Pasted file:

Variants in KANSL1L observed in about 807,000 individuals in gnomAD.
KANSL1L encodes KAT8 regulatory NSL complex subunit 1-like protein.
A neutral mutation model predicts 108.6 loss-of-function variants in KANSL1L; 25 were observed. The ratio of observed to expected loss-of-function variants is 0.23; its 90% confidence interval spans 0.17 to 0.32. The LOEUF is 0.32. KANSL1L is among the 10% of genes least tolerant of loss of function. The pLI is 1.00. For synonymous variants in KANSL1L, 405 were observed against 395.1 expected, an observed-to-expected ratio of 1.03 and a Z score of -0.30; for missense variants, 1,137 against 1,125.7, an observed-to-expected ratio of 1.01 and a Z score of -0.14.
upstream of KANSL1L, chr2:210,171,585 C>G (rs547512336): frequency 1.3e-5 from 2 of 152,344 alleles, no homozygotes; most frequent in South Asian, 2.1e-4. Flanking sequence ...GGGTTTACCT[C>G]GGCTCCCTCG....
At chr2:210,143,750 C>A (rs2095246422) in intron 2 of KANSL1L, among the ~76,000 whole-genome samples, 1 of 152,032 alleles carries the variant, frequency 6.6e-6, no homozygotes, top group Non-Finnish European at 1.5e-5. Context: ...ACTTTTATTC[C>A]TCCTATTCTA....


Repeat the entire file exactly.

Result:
Variants in KANSL1L observed in about 807,000 individuals in gnomAD.
KANSL1L encodes KAT8 regulatory NSL complex subunit 1-like protein.
A neutral mutation model predicts 108.6 loss-of-function variants in KANSL1L; 25 were observed. The ratio of observed to expected loss-of-function variants is 0.23; its 90% confidence interval spans 0.17 to 0.32. The LOEUF is 0.32. KANSL1L is among the 10% of genes least tolerant of loss of function. The pLI is 1.00. For synonymous variants in KANSL1L, 405 were observed against 395.1 expected, an observed-to-expected ratio of 1.03 and a Z score of -0.30; for missense variants, 1,137 against 1,125.7, an observed-to-expected ratio of 1.01 and a Z score of -0.14.
upstream of KANSL1L, chr2:210,171,585 C>G (rs547512336): frequency 1.3e-5 from 2 of 152,344 alleles, no homozygotes; most frequent in South Asian, 2.1e-4. Flanking sequence ...GGGTTTACCT[C>G]GGCTCCCTCG....
At chr2:210,143,750 C>A (rs2095246422) in intron 2 of KANSL1L, among the ~76,000 whole-genome samples, 1 of 152,032 alleles carries the variant, frequency 6.6e-6, no homozygotes, top group Non-Finnish European at 1.5e-5. Context: ...ACTTTTATTC[C>A]TCCTATTCTA....